Follow the Leaders
HINT: THE ANSWER IS MOST LIKELY – YES!
As leaders, we know the value in pushing ourselves and others to our full potential. Do the leaders in your organization expand the potential of your team? One of the most effective tools to unleashing potential of an individual or an organization is by bringing in a coach. Think about it, athletes at the pinnacle of their careers have coaches. Olympians, professional football and basketball players, even master chess players have at least one (and usually more than one) coach. Some baseball coaches focus on pitching, others on hitting but each is helping unleash the full potential of the players with whom they are working.
Why then do so many business leaders chafe at the idea of having a coach? The rules of sports and games are relatively stagnant: the batter swings and misses, it is a strike; the ball goes in the net, it is a score. However, the principles of leadership evolve, and the expectations can change overnight. One might argue that leaders need coaches far more than their athletic counterparts. With the global pandemic, political polarization, and social justice movements, 2020 stretched even the most seasoned leader. A fast pitch is still a fast pitch, but leaders are dealing with curve balls every day.
Engaging with a coach expands our self-awareness which is the critical first step in conducting any kind of behavior change. Additionally, it establishes an accountability model by which we as leaders can reflect on our progress and push ourselves further.
Leaders need to evolve and meet the demands of their business, customers, and employees. To do that, you need highly engaged employees because engaged employees put in extra discretionary effort. It is the extra effort that can boost your sales, revenue, and production goals. Think about what your business could look like if everyone gave 110%. Ever hear that people leave managers not companies? It’s true. With that in mind, you may need to reassess your leadership style and approach to increase the productivity of your team and therefore the organization. But how do you change your style? How do you know which part of your leadership style to adapt to yield the greatest results? A coach can help you.
Most organizations only do so once a year when they conduct an employee satisfaction survey. Not enough of those organizations actually do anything with the results. This is a missed opportunity to take feedback directly from your employees, acknowledge that feedback in a meaningful way and take visible steps to address it. I often find that leaders either do not know what to do or they try some different approaches in the short term, but they do not last. Coaches can help you critically evaluate root causes and forge successful strategies to address them.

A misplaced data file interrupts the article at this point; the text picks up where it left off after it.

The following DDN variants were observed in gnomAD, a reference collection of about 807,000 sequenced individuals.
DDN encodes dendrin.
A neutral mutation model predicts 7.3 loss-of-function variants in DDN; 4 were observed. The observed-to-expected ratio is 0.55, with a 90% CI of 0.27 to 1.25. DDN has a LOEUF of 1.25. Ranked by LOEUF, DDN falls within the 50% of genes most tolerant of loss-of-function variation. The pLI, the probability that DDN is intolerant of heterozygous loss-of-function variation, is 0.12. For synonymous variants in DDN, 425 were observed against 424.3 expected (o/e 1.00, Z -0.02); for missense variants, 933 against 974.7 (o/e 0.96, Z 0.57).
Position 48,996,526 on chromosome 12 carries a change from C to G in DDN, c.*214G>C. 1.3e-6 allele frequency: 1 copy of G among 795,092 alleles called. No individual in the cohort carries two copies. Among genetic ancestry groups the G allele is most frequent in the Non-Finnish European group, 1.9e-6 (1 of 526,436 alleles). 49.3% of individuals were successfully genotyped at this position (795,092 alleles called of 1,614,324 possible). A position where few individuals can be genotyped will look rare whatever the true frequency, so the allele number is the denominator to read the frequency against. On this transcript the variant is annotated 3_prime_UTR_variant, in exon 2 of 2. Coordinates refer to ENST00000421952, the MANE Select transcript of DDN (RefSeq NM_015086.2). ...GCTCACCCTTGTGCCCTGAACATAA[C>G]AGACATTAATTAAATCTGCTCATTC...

DIVERSITY, EQUITY & INCLUSION:
DE&I has been an increasingly hot topic for leaders, but few know what to do beyond focusing on talent acquisition efforts and conducting an equity compensation review. How does one build an inclusive culture within an organization? How does one lead with inclusivity? Those are tough questions and answers will vary based on an individual’s leadership style and an organization’s culture. A coach can provide objective perspective, accountability, and facilitate sensitive conversations to leading to real DE&I results.
We all know that the costs of employee turnover are high and far beyond the recruitment spend. The opportunity cost and the loss of institutional knowledge can wreak havoc on an organization. Digging into why your employees are leaving and what you can do to retain them will save you great time, money, and energy.
Yes, a coach can help you enrich your culture. Leveraging assessment tools and facilitating meaningful dialogue across your leadership team can unearth biases, misperceptions, and behaviors that are keeping your team from modeling the culture you want for your organization.
Some great business leaders have leveraged the benefits of coaching. Erick Schmidt, Steve Jobs, and Bill Gates are examples of successful leaders who have used coaches as part of their journey. Perhaps we all could be open to a coach to help us navigate the curve balls of 2021 and beyond.
To learn more about finding the right coach for you, please join us for The Coaching Continuum- Finding the Right Coach For You– February 16th 12pm EST. This free webinar will introduce you to different types of coaches and help you identify how to find the right coach for your organization.
ABOUT THE AUTHOR
As Fahrenheit’s Human Capital Management Practice Area Lead, Sara Shelton brings a passion for organizational performance and creating great places to work. She enables clients to achieve their business goals by aligning and maximizing their talent, leadership, and culture. She influences with integrity and credibility, treasuring her role as consultant, advisor, and trusted confidante.